As the school holidays draw to an end, now comes the time to iron the school uniforms, finish off the homework and start to get back to the daily routine.


A new school terms brings nerves and excitement for your children but can be challenging for separated parents trying to co-parent from two different homes. It is understandable that ex-partners will not agree on every decision when it comes to their children; however it is important to ensure that the children’s best interests are always the top priority.


Our specialist Family Law Team meet with many divorcing or separated parents each year and understand how tricky co-parenting from two separate homes can be. Whether this is your child’s first year in school, or the start of a new term, here are some quick tips that might make ‘back to school’ a little easier:


  • Communication is Key. It is important that you are able to communicate with your ex-partner about any issues, events or updates regarding your child’s education. If you struggle to communicate with your child’s mother / father it might be a good idea to complete a ‘Parenting Plan’. This is a template that outlines various aspects of your child’s life, including school arrangements. Some find that email communication works better than text messages, as it feels more formal and can avoid hasty responses. There are also ‘apps’ available to help separated parents communicate.


  • Support their Emotions. Most children are very resilient and will cope with their parent’s separation very well. Others may struggle and need some support during this turbulent time. If you think your child may be struggling then speak to the school’s ELSA or guidance counsellor who may be able to offer emotional support during their time at school, along with giving you feedback on their progress.


  • Show a Unified Front. If your child is starting school in Reception Year, get ready for the long list of ‘dates for your diary’ which will be announced in the coming weeks. There will be plenty of assemblies, shows, fetes, sports days, competitions and plays for you to enjoy. Although you may find it difficult to get along with your ex-partner, try to see things from your children’s eyes and understand how much they would enjoy seeing both parents at their school events when possible.


  • Organise in Plenty of Time. Plan ahead of time who will be responsible for purchasing the school uniform, school bag, equipment etc. If you require afterschool childcare, who will be arranging and paying for it? Who will be doing school pick-ups and drop offs on each day? If you plan these things early, then you will have more time to discuss, negotiate and finalise your plans before the school term is upon you. If you do run into difficulties on making decisions that you all agree on, then you will have time to seek legal advice before the school term begins.

  • Liaise with the School. If there is any animosity between parents or a court order is in place ensure that the school are aware and that they have a list of agreed contacts who are able to pick up from school or who are to be contact in case of an emergency. It is often advised to add both parents to any email distribution lists so that both can be kept updated with the school diary and any notices or events. If safeguarding is an issue at any point then urgently make the school aware.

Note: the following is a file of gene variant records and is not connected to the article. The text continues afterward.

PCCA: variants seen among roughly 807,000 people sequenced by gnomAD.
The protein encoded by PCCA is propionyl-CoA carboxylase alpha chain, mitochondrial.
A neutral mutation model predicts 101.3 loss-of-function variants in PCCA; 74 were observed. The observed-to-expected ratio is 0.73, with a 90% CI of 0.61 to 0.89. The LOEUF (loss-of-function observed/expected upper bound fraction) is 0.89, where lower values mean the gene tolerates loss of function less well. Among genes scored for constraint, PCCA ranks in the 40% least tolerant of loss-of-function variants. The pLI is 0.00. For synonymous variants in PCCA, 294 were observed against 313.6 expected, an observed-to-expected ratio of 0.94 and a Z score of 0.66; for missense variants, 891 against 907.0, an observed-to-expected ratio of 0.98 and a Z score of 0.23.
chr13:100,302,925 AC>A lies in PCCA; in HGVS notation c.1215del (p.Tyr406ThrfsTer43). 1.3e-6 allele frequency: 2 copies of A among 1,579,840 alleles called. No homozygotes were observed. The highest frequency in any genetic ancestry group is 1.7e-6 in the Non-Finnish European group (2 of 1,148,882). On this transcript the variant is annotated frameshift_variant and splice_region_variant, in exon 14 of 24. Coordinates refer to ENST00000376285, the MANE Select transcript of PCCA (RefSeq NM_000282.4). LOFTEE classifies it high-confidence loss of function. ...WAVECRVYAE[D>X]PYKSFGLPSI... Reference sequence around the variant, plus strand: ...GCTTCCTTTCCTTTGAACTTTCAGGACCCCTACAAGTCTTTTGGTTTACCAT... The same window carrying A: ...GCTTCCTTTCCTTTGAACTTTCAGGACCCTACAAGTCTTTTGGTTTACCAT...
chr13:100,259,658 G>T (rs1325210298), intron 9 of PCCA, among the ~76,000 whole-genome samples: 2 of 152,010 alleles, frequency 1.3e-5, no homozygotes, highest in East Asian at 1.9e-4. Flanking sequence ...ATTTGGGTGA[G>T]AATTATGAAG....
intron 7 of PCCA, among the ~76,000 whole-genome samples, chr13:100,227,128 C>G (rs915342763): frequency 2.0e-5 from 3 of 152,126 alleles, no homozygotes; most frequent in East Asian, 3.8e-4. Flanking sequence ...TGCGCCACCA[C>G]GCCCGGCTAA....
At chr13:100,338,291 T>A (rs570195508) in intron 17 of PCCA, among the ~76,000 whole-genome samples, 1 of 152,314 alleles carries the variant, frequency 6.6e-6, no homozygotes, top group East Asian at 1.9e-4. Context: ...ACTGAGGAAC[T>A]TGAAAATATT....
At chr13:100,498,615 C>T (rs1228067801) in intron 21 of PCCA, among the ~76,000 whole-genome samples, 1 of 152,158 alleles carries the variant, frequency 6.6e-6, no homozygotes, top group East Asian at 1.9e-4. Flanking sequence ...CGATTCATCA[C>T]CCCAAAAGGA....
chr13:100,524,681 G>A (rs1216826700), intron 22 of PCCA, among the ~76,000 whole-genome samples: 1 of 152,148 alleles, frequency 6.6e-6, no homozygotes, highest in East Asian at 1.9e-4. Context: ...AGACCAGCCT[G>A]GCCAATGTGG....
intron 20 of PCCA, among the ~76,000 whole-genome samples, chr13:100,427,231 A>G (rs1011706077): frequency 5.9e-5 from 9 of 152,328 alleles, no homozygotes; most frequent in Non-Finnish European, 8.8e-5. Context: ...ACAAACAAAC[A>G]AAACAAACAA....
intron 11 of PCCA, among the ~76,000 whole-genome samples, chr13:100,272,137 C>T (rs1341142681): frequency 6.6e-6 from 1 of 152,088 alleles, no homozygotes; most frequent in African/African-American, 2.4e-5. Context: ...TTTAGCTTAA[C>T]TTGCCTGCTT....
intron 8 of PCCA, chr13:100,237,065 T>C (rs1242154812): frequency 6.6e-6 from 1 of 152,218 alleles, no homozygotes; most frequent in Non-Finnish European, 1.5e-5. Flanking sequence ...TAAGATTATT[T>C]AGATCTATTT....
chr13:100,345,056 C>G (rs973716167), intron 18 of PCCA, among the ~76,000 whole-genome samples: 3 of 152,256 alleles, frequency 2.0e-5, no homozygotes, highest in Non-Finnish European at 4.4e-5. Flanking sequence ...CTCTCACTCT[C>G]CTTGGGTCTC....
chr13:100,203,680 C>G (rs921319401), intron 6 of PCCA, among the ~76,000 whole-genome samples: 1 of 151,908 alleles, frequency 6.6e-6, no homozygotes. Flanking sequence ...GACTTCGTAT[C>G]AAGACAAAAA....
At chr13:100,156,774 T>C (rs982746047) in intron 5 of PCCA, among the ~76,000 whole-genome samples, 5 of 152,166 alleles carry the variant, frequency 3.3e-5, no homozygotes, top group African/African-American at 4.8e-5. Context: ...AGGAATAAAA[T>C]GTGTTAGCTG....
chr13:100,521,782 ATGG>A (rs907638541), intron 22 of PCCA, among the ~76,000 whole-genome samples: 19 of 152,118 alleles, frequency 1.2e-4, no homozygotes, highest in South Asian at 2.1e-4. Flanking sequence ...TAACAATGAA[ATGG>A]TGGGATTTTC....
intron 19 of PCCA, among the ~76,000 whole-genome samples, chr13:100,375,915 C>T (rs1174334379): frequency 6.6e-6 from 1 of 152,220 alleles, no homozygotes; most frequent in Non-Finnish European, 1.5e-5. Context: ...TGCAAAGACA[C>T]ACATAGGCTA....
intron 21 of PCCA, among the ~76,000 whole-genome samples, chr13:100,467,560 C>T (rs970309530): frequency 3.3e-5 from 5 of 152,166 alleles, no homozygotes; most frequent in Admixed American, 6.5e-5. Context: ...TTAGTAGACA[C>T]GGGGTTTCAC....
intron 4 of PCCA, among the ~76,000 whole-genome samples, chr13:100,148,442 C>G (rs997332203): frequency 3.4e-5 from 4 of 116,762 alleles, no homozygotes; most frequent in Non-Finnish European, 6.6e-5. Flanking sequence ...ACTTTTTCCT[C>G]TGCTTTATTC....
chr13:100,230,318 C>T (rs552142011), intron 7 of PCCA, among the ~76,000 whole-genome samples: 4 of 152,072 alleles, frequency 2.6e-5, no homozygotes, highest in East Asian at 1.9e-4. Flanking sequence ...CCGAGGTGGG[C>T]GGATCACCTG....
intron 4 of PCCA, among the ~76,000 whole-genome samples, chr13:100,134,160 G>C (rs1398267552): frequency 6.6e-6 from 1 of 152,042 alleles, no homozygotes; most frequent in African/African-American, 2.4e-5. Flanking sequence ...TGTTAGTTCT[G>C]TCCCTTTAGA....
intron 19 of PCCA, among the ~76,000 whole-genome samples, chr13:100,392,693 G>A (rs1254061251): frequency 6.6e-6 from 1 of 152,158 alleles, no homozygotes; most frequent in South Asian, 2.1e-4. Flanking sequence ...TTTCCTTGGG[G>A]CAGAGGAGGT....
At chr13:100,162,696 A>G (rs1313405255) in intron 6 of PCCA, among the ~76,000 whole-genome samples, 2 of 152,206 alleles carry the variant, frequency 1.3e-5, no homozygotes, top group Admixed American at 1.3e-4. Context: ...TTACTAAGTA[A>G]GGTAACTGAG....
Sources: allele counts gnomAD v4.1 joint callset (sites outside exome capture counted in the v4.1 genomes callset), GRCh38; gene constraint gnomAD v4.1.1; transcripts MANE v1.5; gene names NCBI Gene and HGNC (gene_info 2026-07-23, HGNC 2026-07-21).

• Choosing Future Schools. When it comes to selecting a junior school or Secondary school for your child this can often be where parents disagree. You will need to take into consideration your children’s desires, talents and how they will get to the school each day.


  • Work as a Team. It can already be quite disruptive for a child living between two houses, but can be even more confusing if there are different rules or routines in each one! Ensure that you are sticking to the same routine as much as possible in terms of bedtimes and discipline. Ensure that homework is done on time and that both houses are organised with the clean uniform and school items. Although you may not get along well, it is important to work together when it comes to the children so as not to affect their school life.


If you are struggling to communicate with your ex-partner but need to resolve issues or make decisions about your children then Mediation could be a good option. Mediation is held around a table with the support from a natural family law expert who can guide the discussion and help you come to an agreed solution without raised voices or going off topic. If the relationship is difficult, you can opt for ‘Shuttle Mediation’ which is held in separate rooms with your Mediator going between to speak to you both individually.


Alternatively, if mediation is not appropriate for your situation or you fail to come to an agreement then you can apply to the courts where a family judge would decide the best option for your child.


Going through a separation or divorce when children are involved can be a distressing time. If you need legal assistance then please get in touch with our specialist Family Lawyers on 01256 844888.


Our understanding team have experience dealing with a wide range of family law matters including separation agreements, divorce, children matters, mediation and injunctions.


For further information please call 01256 844888 or email enquiries@lambrooks.com.





The contents of this article are for the purposes of general awareness only. They do not purport to constitute legal or professional advice.  The law may have changed since this article was published.   Readers should not act on the basis of the information included and should take appropriate professional advice upon their own particular circumstances.